4 Tips To Successfully Co-Parent After A Divorce: Good Things Utah
Divorces are traumatic, painful, and messy; there are so many raw emotions to work through, but if children are involved, the most important priority for two adults is to work to make sure that their kids are well taken care of. Here are four tips to successfully co-parent following a divorce:
Create A Safe Zone
There’s communication with your ex that takes place behind the scenes, but when you’re directly interacting with him/her in front of your children, remember to act cordially and with respect. Kids are extremely perceptive to things like tone of voice, eye rolls, or other verbal and non-verbal cues. It is already a delicate situation for them, so let them see you being cordial; it will be a tremendous gift for them to see their parents interacting this way. If your feelings toward your ex are still quite volatile or intense, stick to email, texting, or communicating when the kids aren’t around.
See Your Ex as an Asset (Not an Enemy)
It’s easy to feel antagonistic toward your ex-spouse, and although your marriage relationship is no longer intact, you still need to come together as partners to successfully raise your children. Remember that no one loves your kids or is as invested as the other parent! Even if emotionally you’re not quite at the point where you’re ready to see your ex spouse as an ally, hold on to the hope that he/she can eventually help support you in parenting.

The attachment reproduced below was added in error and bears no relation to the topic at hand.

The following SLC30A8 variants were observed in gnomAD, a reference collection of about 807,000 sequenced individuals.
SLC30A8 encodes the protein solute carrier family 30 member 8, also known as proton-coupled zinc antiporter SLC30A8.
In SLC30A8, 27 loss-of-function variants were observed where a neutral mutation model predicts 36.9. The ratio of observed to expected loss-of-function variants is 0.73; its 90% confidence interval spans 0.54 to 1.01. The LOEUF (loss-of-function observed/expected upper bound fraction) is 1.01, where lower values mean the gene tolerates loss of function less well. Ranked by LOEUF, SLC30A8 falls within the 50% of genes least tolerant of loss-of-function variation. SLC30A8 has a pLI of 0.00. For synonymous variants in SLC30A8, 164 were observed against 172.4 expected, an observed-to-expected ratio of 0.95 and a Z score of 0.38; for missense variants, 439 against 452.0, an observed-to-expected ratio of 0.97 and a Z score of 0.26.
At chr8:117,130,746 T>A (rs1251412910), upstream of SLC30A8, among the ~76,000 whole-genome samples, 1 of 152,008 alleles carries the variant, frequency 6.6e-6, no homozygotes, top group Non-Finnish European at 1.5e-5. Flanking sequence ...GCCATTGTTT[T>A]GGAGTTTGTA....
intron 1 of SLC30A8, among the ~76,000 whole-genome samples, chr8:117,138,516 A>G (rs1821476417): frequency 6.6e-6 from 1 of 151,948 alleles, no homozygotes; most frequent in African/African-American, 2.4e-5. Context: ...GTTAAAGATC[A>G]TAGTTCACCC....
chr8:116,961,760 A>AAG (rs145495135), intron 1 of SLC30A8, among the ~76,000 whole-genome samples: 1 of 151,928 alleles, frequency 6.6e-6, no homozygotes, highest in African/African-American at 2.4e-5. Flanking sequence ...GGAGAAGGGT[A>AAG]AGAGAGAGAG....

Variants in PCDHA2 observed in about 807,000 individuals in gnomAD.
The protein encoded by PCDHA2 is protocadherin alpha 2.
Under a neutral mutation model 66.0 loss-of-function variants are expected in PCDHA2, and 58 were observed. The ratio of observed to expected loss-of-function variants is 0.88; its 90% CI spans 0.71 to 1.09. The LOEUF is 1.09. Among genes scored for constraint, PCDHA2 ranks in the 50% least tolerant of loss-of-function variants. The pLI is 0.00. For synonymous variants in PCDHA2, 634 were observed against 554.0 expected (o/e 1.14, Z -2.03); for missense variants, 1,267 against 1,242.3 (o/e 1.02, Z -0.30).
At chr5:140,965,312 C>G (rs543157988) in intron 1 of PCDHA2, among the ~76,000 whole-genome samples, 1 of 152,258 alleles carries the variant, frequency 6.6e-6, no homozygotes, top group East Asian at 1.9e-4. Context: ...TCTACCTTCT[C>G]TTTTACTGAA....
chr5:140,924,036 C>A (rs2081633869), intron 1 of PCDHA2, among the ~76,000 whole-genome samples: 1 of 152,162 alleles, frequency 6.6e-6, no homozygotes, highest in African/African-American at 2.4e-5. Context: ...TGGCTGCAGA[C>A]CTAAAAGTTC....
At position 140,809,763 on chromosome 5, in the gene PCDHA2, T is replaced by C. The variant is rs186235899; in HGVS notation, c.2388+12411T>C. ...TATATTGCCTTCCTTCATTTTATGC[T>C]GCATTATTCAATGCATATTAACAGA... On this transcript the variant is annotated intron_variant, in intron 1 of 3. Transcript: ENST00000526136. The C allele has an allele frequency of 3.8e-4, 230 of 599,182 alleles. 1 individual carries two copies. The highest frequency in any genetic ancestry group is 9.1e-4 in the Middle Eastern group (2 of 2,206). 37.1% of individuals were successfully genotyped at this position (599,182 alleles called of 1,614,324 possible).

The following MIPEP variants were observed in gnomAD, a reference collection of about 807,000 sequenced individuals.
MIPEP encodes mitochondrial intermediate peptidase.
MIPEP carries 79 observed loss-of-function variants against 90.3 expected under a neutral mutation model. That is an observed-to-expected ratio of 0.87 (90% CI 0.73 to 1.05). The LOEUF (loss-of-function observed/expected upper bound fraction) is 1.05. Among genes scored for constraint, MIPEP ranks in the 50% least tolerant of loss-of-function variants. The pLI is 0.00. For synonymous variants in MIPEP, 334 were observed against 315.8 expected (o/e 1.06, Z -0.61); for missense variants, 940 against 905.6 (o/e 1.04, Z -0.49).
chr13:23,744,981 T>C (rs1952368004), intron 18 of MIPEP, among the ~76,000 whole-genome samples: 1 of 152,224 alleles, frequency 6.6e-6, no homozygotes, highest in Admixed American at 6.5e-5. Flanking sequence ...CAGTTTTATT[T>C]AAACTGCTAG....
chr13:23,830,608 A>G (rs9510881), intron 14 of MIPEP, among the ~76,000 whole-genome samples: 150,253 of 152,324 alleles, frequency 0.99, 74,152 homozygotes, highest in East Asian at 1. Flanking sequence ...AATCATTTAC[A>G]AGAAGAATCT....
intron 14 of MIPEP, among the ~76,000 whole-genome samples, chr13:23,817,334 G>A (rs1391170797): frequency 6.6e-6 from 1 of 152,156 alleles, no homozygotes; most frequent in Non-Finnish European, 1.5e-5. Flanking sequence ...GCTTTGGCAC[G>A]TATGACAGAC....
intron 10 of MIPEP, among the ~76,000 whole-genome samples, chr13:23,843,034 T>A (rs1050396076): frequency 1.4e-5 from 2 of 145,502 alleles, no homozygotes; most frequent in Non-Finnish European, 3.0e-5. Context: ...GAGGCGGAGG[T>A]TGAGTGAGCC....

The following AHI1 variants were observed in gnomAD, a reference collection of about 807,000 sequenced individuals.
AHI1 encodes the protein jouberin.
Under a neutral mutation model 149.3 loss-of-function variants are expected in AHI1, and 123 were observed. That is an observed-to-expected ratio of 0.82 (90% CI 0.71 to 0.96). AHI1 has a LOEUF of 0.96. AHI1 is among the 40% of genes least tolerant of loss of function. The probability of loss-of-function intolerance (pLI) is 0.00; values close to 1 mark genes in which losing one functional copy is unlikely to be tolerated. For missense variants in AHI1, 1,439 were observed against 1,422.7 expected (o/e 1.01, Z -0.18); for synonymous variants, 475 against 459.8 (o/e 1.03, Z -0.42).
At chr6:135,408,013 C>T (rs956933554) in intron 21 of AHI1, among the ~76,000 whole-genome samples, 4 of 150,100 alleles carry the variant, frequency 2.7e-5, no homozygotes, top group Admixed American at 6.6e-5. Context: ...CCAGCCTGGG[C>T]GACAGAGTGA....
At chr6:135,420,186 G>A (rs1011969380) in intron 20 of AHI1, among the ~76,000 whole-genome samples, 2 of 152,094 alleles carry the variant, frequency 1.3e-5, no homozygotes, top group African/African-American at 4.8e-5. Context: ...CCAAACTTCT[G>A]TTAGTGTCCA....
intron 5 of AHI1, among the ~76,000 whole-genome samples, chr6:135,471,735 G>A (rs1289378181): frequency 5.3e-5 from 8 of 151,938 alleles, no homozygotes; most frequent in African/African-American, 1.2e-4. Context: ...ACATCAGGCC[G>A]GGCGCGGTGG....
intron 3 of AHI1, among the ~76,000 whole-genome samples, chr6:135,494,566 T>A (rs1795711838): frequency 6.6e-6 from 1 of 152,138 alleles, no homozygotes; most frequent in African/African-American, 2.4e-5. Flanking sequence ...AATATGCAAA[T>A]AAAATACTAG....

Focus on Positive Aspects
This is not an easy thing to do! There are definite reasons you got divorced, and those things are often in the forefront of your mind, but consider the strengths and gifts that your ex-spouse has that can be used toward your child(ren)’s benefits. Maybe he/she is very engaged, good at helping with homework, or very in tune with the kids’ needs. If your child can hear you speaking positively about the other parent, he/she can better adjust.
Support Your Child’s Relationship With The Other Parent
Unfortunately, it’s all too easy to undermine or diminish a child’s relationship with the other parent. Maybe we feel threatened or jealous, like we’re in competition with the ex-spouse, or maybe we have a hard time letting go of our own pain and conflict. But kids desperately need a relationship with both parents (particularly after a divorce), and it’s crucial for you to do everything you can to facilitate that connection in order to help your children thrive.
If you’re struggling to co-parent after divorce contact Wasatch Family Therapy and connect with one of our amazing therapists.
Dynamic self & relationship expert Dr. Julie de Azevedo Hanks, LCSW loves to make a difference for women. She owns Wasatch Family Therapy and regularly contributes to KSL TV's Studio 5, and her advice has been featured nationally including Wall Street Journal, Parenting, Fox News, and others. Connect on Facebook & Twitter. Her books The Burnout Cure and The Assertiveness Guide are now available.